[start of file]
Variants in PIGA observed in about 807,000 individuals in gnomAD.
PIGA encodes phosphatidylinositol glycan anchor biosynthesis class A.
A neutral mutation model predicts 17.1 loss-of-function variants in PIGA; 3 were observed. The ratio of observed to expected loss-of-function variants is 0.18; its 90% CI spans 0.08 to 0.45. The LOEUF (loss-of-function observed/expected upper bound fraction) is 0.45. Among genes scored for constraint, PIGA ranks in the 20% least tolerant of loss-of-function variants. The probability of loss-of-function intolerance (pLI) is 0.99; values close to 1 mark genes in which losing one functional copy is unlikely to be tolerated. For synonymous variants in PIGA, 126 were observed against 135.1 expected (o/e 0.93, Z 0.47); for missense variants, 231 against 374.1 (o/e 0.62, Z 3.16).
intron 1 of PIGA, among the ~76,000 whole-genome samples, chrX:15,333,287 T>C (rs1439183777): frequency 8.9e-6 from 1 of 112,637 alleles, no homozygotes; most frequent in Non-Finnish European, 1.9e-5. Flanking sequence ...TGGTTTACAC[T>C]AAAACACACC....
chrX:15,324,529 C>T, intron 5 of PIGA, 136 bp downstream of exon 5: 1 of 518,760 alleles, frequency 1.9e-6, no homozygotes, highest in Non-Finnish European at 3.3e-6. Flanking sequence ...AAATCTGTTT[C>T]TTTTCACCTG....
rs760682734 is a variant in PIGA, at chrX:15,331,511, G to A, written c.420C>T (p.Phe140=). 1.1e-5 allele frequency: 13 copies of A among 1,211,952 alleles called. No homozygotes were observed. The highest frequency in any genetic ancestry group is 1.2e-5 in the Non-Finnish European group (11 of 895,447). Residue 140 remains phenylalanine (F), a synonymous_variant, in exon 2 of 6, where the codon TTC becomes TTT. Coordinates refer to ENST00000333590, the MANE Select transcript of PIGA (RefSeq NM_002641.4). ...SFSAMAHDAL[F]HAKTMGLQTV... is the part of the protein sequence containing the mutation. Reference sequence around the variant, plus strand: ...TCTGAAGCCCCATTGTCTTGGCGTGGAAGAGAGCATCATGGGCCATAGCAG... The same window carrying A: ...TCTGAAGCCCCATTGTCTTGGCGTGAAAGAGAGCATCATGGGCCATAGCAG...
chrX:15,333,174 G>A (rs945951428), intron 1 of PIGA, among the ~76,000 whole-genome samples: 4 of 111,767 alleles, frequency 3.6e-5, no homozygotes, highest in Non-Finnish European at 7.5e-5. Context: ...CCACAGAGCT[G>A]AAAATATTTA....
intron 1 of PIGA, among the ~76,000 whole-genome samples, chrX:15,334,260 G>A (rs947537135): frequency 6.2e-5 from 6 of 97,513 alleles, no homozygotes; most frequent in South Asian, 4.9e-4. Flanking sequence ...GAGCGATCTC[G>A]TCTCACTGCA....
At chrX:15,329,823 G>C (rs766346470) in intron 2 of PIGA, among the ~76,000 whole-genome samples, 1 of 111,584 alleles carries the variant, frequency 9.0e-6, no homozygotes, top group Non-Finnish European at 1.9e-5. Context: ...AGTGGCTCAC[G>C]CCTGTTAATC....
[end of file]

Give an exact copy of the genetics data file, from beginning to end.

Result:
Variants in PIGA observed in about 807,000 individuals in gnomAD.
PIGA encodes phosphatidylinositol glycan anchor biosynthesis class A.
A neutral mutation model predicts 17.1 loss-of-function variants in PIGA; 3 were observed. The ratio of observed to expected loss-of-function variants is 0.18; its 90% CI spans 0.08 to 0.45. The LOEUF (loss-of-function observed/expected upper bound fraction) is 0.45. Among genes scored for constraint, PIGA ranks in the 20% least tolerant of loss-of-function variants. The probability of loss-of-function intolerance (pLI) is 0.99; values close to 1 mark genes in which losing one functional copy is unlikely to be tolerated. For synonymous variants in PIGA, 126 were observed against 135.1 expected (o/e 0.93, Z 0.47); for missense variants, 231 against 374.1 (o/e 0.62, Z 3.16).
intron 1 of PIGA, among the ~76,000 whole-genome samples, chrX:15,333,287 T>C (rs1439183777): frequency 8.9e-6 from 1 of 112,637 alleles, no homozygotes; most frequent in Non-Finnish European, 1.9e-5. Flanking sequence ...TGGTTTACAC[T>C]AAAACACACC....
chrX:15,324,529 C>T, intron 5 of PIGA, 136 bp downstream of exon 5: 1 of 518,760 alleles, frequency 1.9e-6, no homozygotes, highest in Non-Finnish European at 3.3e-6. Flanking sequence ...AAATCTGTTT[C>T]TTTTCACCTG....
rs760682734 is a variant in PIGA, at chrX:15,331,511, G to A, written c.420C>T (p.Phe140=). 1.1e-5 allele frequency: 13 copies of A among 1,211,952 alleles called. No homozygotes were observed. The highest frequency in any genetic ancestry group is 1.2e-5 in the Non-Finnish European group (11 of 895,447). Residue 140 remains phenylalanine (F), a synonymous_variant, in exon 2 of 6, where the codon TTC becomes TTT. Coordinates refer to ENST00000333590, the MANE Select transcript of PIGA (RefSeq NM_002641.4). ...SFSAMAHDAL[F]HAKTMGLQTV... is the part of the protein sequence containing the mutation. Reference sequence around the variant, plus strand: ...TCTGAAGCCCCATTGTCTTGGCGTGGAAGAGAGCATCATGGGCCATAGCAG... The same window carrying A: ...TCTGAAGCCCCATTGTCTTGGCGTGAAAGAGAGCATCATGGGCCATAGCAG...
chrX:15,333,174 G>A (rs945951428), intron 1 of PIGA, among the ~76,000 whole-genome samples: 4 of 111,767 alleles, frequency 3.6e-5, no homozygotes, highest in Non-Finnish European at 7.5e-5. Context: ...CCACAGAGCT[G>A]AAAATATTTA....
intron 1 of PIGA, among the ~76,000 whole-genome samples, chrX:15,334,260 G>A (rs947537135): frequency 6.2e-5 from 6 of 97,513 alleles, no homozygotes; most frequent in South Asian, 4.9e-4. Flanking sequence ...GAGCGATCTC[G>A]TCTCACTGCA....
At chrX:15,329,823 G>C (rs766346470) in intron 2 of PIGA, among the ~76,000 whole-genome samples, 1 of 111,584 alleles carries the variant, frequency 9.0e-6, no homozygotes, top group Non-Finnish European at 1.9e-5. Context: ...AGTGGCTCAC[G>C]CCTGTTAATC....